Twitter Buys Analytics Firm Smallthought for Commercial Accounts

By Clint Boulton  |  Posted 2010-06-11

Twitter has made it clear it wants to add analytics capabilities for its eventual paid accounts, and the microblog took a step in that direction June 10 by snapping up Smallthought Systems.

Terms of the deal were not disclosed. Twitter has been using Smallthought's Dabble DB online database for project management.

But the company acquired the startup for Trendly, which Twitter analytics lead Kevin Weil described as a "tool that helps Websites distinguish signal from noise in their Google Analytics data."

"They have joined our analytics team and will focus on integrating ideas from Trendly into our current tools and building innovative real-time products for our future commercial partners," Weil explained in a blog post.

Twitter has said it wants to inject analytics into commercial accounts to help marketers better reach their audiences. The belief is that some marketers will gladly pay for such services to get their messages out.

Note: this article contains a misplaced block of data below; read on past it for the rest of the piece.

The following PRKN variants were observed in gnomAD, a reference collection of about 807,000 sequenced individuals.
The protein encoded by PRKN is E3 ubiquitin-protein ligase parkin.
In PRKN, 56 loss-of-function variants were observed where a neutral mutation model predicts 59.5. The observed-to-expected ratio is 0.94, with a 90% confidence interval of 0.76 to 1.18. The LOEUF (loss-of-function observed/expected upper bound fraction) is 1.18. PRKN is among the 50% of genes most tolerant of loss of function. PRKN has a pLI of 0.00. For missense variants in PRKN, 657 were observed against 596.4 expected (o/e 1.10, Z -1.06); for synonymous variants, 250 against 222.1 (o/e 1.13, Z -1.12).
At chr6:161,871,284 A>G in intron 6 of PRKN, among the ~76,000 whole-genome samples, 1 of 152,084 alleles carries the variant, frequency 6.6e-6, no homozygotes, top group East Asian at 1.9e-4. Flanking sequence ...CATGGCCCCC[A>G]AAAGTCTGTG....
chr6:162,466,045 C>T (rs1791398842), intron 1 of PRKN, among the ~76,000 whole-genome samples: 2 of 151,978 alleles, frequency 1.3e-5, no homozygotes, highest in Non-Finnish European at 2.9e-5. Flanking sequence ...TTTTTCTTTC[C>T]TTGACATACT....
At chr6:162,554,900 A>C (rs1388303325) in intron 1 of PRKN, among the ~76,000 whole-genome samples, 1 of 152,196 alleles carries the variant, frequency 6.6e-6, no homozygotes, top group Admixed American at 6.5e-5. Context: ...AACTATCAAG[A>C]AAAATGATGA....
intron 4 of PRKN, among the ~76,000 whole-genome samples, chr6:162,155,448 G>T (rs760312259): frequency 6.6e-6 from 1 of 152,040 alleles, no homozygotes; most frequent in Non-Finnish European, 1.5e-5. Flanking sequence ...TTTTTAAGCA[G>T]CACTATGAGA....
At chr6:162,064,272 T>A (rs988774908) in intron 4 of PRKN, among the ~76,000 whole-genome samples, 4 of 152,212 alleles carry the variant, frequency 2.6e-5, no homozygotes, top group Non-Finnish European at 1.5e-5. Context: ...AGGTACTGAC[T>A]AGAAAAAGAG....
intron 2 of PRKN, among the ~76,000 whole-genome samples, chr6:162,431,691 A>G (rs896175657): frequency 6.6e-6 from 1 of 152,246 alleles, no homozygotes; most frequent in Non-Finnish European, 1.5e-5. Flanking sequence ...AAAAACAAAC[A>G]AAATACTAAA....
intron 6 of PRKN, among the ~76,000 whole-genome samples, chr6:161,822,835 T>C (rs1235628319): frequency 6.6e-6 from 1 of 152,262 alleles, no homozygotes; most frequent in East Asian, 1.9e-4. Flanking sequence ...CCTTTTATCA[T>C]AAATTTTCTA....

The company, which boasts more than 190 million users, also recently began testing its link shortener with a mind to boost the metrics behind the company's Promoted Tweets advertising platform.

The tool will serve as a key quality signal for the company's Resonance algorithm for deciding if a tweet is relevant and interesting to users. Eventually, and the Resonance algorithms will be used in Twitter's analytics service for commercial accounts.

That is where the Smallthought team will work for Twitter. Smallthought said Dabble DB will continue to provide software and technical support to current Dabble DB customers. The company has disabled new account signups as it integrates with Twitter.

The company will also provide its Dabble DB users 60 days advance notice of any major change, allowing users to export all of their data, including attachments.

Twitter has been on a mini-shopping spree since buying search startup Summize in 2008.

Twitter has snapped up location service Mixer Labs, iPhone app maker Atebits and SMS startup Cloudhopper in the last several months.   

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